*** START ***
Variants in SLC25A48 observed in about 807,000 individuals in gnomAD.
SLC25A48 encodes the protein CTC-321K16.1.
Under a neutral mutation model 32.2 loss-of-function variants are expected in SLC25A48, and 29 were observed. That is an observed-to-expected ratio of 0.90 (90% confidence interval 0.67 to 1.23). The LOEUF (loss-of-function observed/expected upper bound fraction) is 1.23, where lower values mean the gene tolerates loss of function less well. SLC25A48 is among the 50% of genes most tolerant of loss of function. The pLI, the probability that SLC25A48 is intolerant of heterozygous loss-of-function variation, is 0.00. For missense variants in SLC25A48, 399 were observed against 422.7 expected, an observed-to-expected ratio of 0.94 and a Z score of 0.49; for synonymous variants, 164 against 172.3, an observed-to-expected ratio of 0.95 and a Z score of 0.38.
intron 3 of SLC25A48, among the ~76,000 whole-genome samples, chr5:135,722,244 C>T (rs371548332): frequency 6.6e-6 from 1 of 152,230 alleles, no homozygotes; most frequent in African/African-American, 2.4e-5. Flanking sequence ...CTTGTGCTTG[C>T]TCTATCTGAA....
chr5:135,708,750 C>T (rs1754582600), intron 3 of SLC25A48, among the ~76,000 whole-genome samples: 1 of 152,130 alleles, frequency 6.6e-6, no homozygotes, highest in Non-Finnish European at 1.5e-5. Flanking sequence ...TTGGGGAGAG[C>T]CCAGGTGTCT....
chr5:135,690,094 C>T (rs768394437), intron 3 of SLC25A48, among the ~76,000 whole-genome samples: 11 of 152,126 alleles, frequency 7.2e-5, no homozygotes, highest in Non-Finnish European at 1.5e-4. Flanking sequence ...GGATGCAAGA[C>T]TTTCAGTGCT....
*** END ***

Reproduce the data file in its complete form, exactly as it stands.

Variants in SLC25A48 observed in about 807,000 individuals in gnomAD.
SLC25A48 encodes the protein CTC-321K16.1.
Under a neutral mutation model 32.2 loss-of-function variants are expected in SLC25A48, and 29 were observed. That is an observed-to-expected ratio of 0.90 (90% confidence interval 0.67 to 1.23). The LOEUF (loss-of-function observed/expected upper bound fraction) is 1.23, where lower values mean the gene tolerates loss of function less well. SLC25A48 is among the 50% of genes most tolerant of loss of function. The pLI, the probability that SLC25A48 is intolerant of heterozygous loss-of-function variation, is 0.00. For missense variants in SLC25A48, 399 were observed against 422.7 expected, an observed-to-expected ratio of 0.94 and a Z score of 0.49; for synonymous variants, 164 against 172.3, an observed-to-expected ratio of 0.95 and a Z score of 0.38.
intron 3 of SLC25A48, among the ~76,000 whole-genome samples, chr5:135,722,244 C>T (rs371548332): frequency 6.6e-6 from 1 of 152,230 alleles, no homozygotes; most frequent in African/African-American, 2.4e-5. Flanking sequence ...CTTGTGCTTG[C>T]TCTATCTGAA....
chr5:135,708,750 C>T (rs1754582600), intron 3 of SLC25A48, among the ~76,000 whole-genome samples: 1 of 152,130 alleles, frequency 6.6e-6, no homozygotes, highest in Non-Finnish European at 1.5e-5. Flanking sequence ...TTGGGGAGAG[C>T]CCAGGTGTCT....
chr5:135,690,094 C>T (rs768394437), intron 3 of SLC25A48, among the ~76,000 whole-genome samples: 11 of 152,126 alleles, frequency 7.2e-5, no homozygotes, highest in Non-Finnish European at 1.5e-4. Flanking sequence ...GGATGCAAGA[C>T]TTTCAGTGCT....